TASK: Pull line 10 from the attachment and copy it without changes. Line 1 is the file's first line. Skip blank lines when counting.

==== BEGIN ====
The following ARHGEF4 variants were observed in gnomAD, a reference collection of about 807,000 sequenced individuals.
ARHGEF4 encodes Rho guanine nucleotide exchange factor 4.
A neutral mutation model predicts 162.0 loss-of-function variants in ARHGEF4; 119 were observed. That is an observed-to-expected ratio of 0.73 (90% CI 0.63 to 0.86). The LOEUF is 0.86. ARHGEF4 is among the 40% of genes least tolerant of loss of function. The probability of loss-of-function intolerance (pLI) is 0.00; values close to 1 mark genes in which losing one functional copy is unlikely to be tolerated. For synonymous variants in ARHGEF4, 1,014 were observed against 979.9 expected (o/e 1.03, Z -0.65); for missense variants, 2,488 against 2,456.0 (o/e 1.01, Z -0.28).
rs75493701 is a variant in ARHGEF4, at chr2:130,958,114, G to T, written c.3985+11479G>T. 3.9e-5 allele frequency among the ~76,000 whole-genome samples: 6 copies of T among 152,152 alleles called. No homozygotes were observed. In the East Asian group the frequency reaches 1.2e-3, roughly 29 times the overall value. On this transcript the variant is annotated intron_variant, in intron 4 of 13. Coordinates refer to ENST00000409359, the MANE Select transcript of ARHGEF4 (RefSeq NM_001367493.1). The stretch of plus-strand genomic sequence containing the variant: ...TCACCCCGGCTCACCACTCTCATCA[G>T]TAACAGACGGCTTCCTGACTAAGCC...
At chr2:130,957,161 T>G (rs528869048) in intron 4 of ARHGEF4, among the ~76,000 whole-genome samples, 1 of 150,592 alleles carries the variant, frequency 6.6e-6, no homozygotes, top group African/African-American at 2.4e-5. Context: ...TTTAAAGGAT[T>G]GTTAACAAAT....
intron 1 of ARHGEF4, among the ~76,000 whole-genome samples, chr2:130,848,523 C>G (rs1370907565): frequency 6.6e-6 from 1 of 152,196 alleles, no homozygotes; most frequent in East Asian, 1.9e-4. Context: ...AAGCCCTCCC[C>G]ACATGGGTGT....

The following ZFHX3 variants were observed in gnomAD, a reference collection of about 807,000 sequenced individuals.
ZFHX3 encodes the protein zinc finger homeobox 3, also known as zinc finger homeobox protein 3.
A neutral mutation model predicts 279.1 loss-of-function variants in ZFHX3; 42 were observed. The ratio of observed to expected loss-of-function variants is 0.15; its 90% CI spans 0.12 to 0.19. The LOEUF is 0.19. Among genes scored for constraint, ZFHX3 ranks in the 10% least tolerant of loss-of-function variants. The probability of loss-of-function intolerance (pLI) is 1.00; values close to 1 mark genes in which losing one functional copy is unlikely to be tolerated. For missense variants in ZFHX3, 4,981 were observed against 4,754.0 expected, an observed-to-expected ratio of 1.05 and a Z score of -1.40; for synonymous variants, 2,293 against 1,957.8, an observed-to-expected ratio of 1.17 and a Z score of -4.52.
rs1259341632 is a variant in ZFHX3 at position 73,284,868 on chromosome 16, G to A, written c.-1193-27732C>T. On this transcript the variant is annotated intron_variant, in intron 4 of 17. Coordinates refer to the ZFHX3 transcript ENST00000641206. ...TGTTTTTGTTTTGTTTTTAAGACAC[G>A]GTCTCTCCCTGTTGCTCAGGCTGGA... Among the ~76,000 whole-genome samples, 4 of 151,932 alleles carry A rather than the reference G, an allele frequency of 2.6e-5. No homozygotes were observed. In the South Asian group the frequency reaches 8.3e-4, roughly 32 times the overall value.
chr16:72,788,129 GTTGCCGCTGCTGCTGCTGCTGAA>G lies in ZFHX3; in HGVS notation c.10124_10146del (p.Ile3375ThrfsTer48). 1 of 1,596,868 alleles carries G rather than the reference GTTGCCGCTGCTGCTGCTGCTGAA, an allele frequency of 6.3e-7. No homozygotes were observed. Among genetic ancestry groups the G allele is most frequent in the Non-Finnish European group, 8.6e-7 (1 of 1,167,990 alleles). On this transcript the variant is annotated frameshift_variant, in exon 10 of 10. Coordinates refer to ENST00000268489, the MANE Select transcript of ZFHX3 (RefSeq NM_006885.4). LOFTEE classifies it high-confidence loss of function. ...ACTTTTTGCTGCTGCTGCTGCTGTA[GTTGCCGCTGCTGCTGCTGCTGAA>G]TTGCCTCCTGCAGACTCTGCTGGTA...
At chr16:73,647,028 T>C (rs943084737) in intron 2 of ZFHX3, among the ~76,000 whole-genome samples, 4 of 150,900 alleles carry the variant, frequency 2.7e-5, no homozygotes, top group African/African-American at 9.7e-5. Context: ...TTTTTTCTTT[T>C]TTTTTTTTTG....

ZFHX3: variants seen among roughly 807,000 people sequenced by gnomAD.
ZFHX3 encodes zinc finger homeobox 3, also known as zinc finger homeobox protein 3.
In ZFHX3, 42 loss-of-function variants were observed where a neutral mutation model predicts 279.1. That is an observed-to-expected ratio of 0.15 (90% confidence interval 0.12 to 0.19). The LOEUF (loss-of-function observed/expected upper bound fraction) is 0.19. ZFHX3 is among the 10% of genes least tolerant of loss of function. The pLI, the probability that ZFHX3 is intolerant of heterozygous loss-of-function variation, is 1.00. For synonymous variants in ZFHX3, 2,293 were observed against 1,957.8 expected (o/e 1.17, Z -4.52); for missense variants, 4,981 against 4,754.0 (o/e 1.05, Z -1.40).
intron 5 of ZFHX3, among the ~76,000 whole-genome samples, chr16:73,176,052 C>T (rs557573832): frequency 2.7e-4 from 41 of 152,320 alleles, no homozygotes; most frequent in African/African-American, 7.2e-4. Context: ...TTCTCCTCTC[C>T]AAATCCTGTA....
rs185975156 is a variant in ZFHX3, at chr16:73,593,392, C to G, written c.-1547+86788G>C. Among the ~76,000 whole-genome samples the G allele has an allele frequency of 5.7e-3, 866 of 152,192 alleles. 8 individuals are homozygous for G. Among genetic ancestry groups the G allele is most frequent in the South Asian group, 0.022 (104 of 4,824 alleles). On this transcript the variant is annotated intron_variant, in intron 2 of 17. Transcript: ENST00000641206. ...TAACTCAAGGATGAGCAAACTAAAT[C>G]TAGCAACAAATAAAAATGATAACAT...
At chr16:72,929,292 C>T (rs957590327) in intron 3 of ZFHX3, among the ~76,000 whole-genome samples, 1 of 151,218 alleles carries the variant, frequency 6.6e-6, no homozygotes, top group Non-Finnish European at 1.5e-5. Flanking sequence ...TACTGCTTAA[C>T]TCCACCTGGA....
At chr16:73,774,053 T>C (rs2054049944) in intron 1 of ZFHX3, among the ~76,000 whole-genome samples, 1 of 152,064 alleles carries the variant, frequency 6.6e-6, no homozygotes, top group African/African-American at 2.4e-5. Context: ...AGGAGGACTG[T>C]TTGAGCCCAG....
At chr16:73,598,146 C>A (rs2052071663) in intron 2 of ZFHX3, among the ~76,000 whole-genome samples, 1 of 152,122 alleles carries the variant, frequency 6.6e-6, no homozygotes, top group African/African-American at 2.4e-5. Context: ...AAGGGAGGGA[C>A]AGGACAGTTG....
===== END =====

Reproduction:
rs1259341632 is a variant in ZFHX3 at position 73,284,868 on chromosome 16, G to A, written c.-1193-27732C>T. On this transcript the variant is annotated intron_variant, in intron 4 of 17. Coordinates refer to the ZFHX3 transcript ENST00000641206. ...TGTTTTTGTTTTGTTTTTAAGACAC[G>A]GTCTCTCCCTGTTGCTCAGGCTGGA... Among the ~76,000 whole-genome samples, 4 of 151,932 alleles carry A rather than the reference G, an allele frequency of 2.6e-5. No homozygotes were observed. In the South Asian group the frequency reaches 8.3e-4, roughly 32 times the overall value.